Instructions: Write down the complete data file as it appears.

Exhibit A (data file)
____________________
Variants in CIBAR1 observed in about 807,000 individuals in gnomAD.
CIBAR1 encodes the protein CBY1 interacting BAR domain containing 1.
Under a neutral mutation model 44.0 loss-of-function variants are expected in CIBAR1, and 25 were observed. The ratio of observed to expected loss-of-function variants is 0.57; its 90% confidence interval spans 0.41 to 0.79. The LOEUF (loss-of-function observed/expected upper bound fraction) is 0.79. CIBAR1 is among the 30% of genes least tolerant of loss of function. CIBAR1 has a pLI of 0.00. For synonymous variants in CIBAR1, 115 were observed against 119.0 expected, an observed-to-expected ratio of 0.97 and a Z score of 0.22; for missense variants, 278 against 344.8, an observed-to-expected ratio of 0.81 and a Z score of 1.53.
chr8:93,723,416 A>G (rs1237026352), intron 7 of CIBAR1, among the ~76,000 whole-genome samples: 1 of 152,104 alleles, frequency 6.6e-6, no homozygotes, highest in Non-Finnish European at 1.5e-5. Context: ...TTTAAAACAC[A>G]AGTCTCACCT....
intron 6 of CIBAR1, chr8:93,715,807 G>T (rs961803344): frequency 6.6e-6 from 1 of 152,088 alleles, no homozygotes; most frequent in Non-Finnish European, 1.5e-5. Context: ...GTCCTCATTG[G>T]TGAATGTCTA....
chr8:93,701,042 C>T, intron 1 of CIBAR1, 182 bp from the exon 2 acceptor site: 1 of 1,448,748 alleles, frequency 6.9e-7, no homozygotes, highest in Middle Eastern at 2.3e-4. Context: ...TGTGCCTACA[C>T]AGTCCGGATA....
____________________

Variants in CIBAR1 observed in about 807,000 individuals in gnomAD.
CIBAR1 encodes the protein CBY1 interacting BAR domain containing 1.
Under a neutral mutation model 44.0 loss-of-function variants are expected in CIBAR1, and 25 were observed. The ratio of observed to expected loss-of-function variants is 0.57; its 90% confidence interval spans 0.41 to 0.79. The LOEUF (loss-of-function observed/expected upper bound fraction) is 0.79. CIBAR1 is among the 30% of genes least tolerant of loss of function. CIBAR1 has a pLI of 0.00. For synonymous variants in CIBAR1, 115 were observed against 119.0 expected, an observed-to-expected ratio of 0.97 and a Z score of 0.22; for missense variants, 278 against 344.8, an observed-to-expected ratio of 0.81 and a Z score of 1.53.
chr8:93,723,416 A>G (rs1237026352), intron 7 of CIBAR1, among the ~76,000 whole-genome samples: 1 of 152,104 alleles, frequency 6.6e-6, no homozygotes, highest in Non-Finnish European at 1.5e-5. Context: ...TTTAAAACAC[A>G]AGTCTCACCT....
intron 6 of CIBAR1, chr8:93,715,807 G>T (rs961803344): frequency 6.6e-6 from 1 of 152,088 alleles, no homozygotes; most frequent in Non-Finnish European, 1.5e-5. Context: ...GTCCTCATTG[G>T]TGAATGTCTA....
chr8:93,701,042 C>T, intron 1 of CIBAR1, 182 bp from the exon 2 acceptor site: 1 of 1,448,748 alleles, frequency 6.9e-7, no homozygotes, highest in Middle Eastern at 2.3e-4. Context: ...TGTGCCTACA[C>T]AGTCCGGATA....